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Head of Global Product Marketing at Airbnb

Great question. Post-launch is the most underrated parts of the cycle. You've spent months aiming the rocketship, putting fuel in the tank and blasting off - now you've got to steer. Let's break it down into three steps:



The first thing is to immediately begin watching not just usage of the product, but which parts of the product. How are people interacting with your features? Where are they dropping off? Where are they spending their time? This will give you context and clarity to move onto step two.



Now that you know where your hypothesis was roughly right or wrong, develop a plan to go after those areas. Our team uses a one-pager that is incredibly simple, laying out the problem we're trying to solve (ex: the pricing is too high, awareness is too low) and mapping out in specific detail, right down to the deliverable specs, how we plan to solve it.  



Especially soon after launch, when blemishes become clearer in the light of mass user feedback, we aim to move quickly. If you're still talking about a major problem with the way the product has been positioned or messaged two weeks later it's been way too long. Standups with your cross-functional team including creative shouldn't end at launch! The fun is just beginning...

Head of Product Marketing, Advertising Cloud at Adobe
Post-launch momentum, what I call "Rolling Thunder," is one of my favorite topics! I think a lot of times people throw in their hats when the launch moment is done, but this is really when it's just beginning. A good strategy is to take some of the "core" assets you've created for the launch (e.g...more
Go To Market Lead, Payment Intelligence at Stripe
In an enterprise B2B business, you’ll often be working closely with customer success and product management on driving adoption post-launch. Marketing can provide air cover in the form of email nurture programs, relevant content, regular product update communications, and internal trainings. But ...more
Head of Product Marketing, Growth and Scale at Asana
It’s never too early to connect with your customers to constantly expand and deepen the strength of your product. Get insights from your customers through product usage data - where are you seeing dropoff? Form hypotheses on why through customer interviews and customer-facing teams, and validate ...more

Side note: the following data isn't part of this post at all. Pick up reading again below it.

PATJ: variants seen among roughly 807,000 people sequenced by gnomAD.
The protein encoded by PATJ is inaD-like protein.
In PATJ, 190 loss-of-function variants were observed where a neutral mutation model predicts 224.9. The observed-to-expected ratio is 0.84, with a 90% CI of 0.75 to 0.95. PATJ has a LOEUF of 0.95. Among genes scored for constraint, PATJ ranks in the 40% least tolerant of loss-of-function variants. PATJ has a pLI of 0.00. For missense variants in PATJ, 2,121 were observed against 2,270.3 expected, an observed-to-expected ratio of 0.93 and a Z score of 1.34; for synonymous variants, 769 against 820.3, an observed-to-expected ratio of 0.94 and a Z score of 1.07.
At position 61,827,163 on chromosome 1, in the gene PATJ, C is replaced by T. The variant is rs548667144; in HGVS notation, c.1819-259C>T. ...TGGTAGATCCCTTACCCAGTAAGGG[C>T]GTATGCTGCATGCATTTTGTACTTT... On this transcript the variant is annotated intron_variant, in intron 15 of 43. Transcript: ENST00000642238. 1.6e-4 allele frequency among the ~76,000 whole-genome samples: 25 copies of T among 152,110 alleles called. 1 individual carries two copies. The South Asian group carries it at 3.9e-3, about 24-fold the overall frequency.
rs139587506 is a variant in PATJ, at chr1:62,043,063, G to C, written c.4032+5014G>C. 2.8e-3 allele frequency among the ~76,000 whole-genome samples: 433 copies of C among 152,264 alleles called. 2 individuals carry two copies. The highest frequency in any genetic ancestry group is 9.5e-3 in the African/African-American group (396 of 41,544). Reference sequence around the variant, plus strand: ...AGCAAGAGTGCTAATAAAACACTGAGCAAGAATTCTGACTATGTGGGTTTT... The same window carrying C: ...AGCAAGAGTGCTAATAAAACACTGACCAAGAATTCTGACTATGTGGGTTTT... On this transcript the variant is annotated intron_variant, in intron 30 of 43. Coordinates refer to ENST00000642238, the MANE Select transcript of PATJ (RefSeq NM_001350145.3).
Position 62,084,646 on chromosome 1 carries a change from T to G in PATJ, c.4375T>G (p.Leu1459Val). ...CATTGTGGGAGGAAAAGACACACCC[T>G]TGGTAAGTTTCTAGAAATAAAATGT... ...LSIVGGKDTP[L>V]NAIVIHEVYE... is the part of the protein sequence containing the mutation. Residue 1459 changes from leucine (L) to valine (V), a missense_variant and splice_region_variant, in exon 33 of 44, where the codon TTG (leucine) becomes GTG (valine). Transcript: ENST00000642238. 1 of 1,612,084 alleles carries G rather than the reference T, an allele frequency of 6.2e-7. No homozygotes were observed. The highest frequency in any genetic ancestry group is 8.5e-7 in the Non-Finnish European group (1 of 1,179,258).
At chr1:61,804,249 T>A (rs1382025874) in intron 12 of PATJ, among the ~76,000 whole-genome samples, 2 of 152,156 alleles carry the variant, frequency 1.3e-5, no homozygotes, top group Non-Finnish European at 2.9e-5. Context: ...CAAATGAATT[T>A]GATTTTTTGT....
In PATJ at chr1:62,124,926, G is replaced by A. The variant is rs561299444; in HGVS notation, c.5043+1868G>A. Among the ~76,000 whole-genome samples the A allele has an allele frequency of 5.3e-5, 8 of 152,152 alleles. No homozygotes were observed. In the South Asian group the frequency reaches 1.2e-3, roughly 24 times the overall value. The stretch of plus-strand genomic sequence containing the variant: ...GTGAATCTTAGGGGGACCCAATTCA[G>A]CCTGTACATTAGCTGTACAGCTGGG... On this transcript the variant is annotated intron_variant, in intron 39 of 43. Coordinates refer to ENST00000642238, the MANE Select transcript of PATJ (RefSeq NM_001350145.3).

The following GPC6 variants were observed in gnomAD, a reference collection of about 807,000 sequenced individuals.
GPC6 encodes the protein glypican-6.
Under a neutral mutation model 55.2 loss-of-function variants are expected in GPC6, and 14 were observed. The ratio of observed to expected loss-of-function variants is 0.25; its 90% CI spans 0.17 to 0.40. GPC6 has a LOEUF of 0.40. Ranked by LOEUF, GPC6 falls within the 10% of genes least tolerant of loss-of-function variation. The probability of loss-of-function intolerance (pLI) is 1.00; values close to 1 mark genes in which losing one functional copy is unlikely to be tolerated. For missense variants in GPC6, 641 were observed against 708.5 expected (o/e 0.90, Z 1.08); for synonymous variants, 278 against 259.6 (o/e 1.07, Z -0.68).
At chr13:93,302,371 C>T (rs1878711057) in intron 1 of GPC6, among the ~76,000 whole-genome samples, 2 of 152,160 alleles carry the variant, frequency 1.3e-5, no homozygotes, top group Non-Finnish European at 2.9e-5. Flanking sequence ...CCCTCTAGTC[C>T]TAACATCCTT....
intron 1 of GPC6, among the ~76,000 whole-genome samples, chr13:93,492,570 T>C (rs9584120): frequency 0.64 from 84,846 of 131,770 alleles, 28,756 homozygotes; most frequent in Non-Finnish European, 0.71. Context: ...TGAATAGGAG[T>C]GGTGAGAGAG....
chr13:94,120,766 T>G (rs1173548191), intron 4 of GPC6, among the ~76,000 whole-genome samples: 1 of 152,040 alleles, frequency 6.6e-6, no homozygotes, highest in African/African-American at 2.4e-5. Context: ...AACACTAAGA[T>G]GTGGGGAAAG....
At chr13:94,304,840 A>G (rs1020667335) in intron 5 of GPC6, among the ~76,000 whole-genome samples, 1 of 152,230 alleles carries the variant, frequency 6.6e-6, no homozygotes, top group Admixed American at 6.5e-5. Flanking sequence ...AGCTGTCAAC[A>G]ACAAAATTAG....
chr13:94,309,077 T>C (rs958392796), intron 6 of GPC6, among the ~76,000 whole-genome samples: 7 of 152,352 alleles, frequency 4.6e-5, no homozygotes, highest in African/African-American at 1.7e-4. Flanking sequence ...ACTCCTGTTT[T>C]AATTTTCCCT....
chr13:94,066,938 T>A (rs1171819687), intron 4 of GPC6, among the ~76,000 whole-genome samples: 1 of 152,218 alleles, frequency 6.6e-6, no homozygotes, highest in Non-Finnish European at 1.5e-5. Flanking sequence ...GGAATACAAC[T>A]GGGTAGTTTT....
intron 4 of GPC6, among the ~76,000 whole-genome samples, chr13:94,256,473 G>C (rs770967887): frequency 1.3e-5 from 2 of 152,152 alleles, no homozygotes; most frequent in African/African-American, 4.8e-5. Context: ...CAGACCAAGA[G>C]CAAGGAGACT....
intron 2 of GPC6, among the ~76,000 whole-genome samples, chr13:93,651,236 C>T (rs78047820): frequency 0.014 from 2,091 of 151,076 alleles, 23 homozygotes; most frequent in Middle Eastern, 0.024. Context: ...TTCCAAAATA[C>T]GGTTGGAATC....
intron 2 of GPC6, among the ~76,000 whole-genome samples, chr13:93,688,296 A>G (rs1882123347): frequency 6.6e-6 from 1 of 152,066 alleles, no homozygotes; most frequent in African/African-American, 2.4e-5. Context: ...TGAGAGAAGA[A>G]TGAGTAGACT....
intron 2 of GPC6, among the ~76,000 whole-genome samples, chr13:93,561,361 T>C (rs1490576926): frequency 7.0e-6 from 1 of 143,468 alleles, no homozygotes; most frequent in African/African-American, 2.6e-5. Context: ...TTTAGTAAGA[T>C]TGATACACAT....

GM & SVP Product Growth at New Relic
I always like to have a product adoption goal Day-of, 1-months, 3-months, 6-months, and 1-year out. Having this clarity is critical to figure out what we need for launch and in the weeks, months after launch.    The next step is to back into the awareness, lead (if sales led) and conversion goa...more
Director of Product Marketing at HoneyBook
PMM ultimately shares adoption goals with Product. There's two sides to adoption though: awareness and usage. PMMs focus is primarily in driving awareness and education (how and why you should use the feature), and Product's focus is usabilty (building a feature that solves a real problem). Becau...more
Vice President, Product Marketing at
Launch isn’t just about market awareness, pipe and ARR/ revenue, it’s also about product adoption - MAU, WAU, DAU, product page views, clicks, etc. To optimize your post-launch product adoption, you need an integrated campaign approach where you reuse a lot of the content that was put together f...more
Co-founder & CEO at Chameleon
In my experience, most product teams are not well incentivized to pursue adoption over moving onto the next feature or problem to solve.  Dedicated product growth teams are great for this, and if your organization has one, then it's likely their job to drive product engagement. Product marketi...more
Founder at BrainKraft
The strategies will differ based on the maturity of the market segment and/or product category. For example, if you are dealing with a mature, risk averse market segment you need proof. Buyers will kick tires all day, waste your resources, get everyone excited, then won't buy. They are skeptics a...more